- Marie Fortier
- First trimester
- 17-18 weeks pregnant
- Pregnancy Cholestasis: Liver Disease During Pregnancy
Pregnancy Cholestasis: Liver Disease During Pregnancy
Cholestasis. What does this big word mean? Pregnancy cholestasis is not a frequent pregnancy complication. Its appearance is based on ethnicity, geographical location and even the seasons, as it occurs more frequently during winter. However, even if it only affects 1/1000 pregnant women, it is very annoying and is seen often in the health network. Let me tell you more about it.
In this article :
- What is pregnancy cholestasis?
- Pregnancy Cholestasis Symptoms
- Possible Causes of Pregnancy Cholestasis
- Treating and Monitoring Pregnancy Cholestasis
What is pregnancy cholestasis?
Pregnancy cholestasis is a liver affliction (hepatic disorder) that can occur throughout pregnancy, but more often during the 2nd and 3rd trimester. It affects both primiparas (women pregnant for the first time) and multiparas (women who have already given birth). We note that the livers in women affected by this pathology are no longer able to transform bile (digestion enzyme secreted by the liver) normally. This causes a blood increase of bile acids which, via blood circulation, will be deposited in organs and tissues, including the skin. The pregnant woman will experience severe itching.
The recurrence of cholestasis during a future pregnancy is 45-90% likely, and will frequently occur earlier than the first time, sometimes even during the 1st trimester. We also note the reappearance of itching when taking oral contraceptive hormones, a reaction associated with the presence of estrogen and progesterone.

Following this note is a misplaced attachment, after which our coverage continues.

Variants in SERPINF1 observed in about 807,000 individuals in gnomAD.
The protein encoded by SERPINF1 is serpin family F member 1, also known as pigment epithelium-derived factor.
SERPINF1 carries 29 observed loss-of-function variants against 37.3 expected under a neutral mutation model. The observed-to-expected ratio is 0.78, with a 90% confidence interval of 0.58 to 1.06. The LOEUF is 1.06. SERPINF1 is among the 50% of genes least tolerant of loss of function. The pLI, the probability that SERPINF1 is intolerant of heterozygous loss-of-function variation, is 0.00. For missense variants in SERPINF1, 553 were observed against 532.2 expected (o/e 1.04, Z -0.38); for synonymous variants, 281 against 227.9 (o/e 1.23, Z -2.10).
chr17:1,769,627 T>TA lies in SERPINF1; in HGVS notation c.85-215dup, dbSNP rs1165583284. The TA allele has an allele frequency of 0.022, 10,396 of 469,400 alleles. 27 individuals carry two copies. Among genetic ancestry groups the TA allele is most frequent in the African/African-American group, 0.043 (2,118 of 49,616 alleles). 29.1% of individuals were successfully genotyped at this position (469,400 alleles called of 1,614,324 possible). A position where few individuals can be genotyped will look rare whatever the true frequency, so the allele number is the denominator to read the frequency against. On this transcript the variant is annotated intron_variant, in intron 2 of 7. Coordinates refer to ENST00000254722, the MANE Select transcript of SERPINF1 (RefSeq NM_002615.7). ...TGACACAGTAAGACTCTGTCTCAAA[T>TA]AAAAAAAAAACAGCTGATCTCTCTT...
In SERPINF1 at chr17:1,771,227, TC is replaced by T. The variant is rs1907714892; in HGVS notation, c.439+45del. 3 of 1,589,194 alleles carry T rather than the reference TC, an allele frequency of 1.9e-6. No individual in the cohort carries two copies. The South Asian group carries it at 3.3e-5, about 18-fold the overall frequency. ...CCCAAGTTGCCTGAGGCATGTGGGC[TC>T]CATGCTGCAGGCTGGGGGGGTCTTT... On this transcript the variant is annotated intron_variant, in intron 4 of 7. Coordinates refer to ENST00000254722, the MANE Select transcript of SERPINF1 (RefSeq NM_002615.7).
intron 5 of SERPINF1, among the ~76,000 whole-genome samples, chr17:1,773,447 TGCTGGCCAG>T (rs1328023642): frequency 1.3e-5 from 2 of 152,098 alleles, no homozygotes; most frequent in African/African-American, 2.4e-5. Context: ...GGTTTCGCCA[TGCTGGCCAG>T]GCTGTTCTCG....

The medical diagnosis is often made following blood dosages (biochemical serum markers = bile salts and other laboratories), clinical exam, history, questionnaire and sometimes a liver ultrasound. However, you should note that the symptoms may appear even before changes in the blood.
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Pregnancy Cholestasis Symptoms
- In 97% of cases, severe itching usually starting in the palms of your hands and the soles of your feet. It can then spread to the rest of the body (stomach, arms, legs). The itching often increases at night, but there is no pain, no rise in temperature and no rashes or sores other than those caused by scratching;
- Sleep problems (often associated with the need to scratch);
- Loss of appetite;
- 50% of women may have darker urine and paler stool;
- In rare cases jaundice, which indicates the accumulation of yellow (bile) pigments in tissues;
The severity of the itching does not reflect the degree of disruption of hepatic enzymes. Additionally, the symptoms disappear on their own after childbirth.
In the next article, we will learn about the possible causes of pregnancy cholestasis.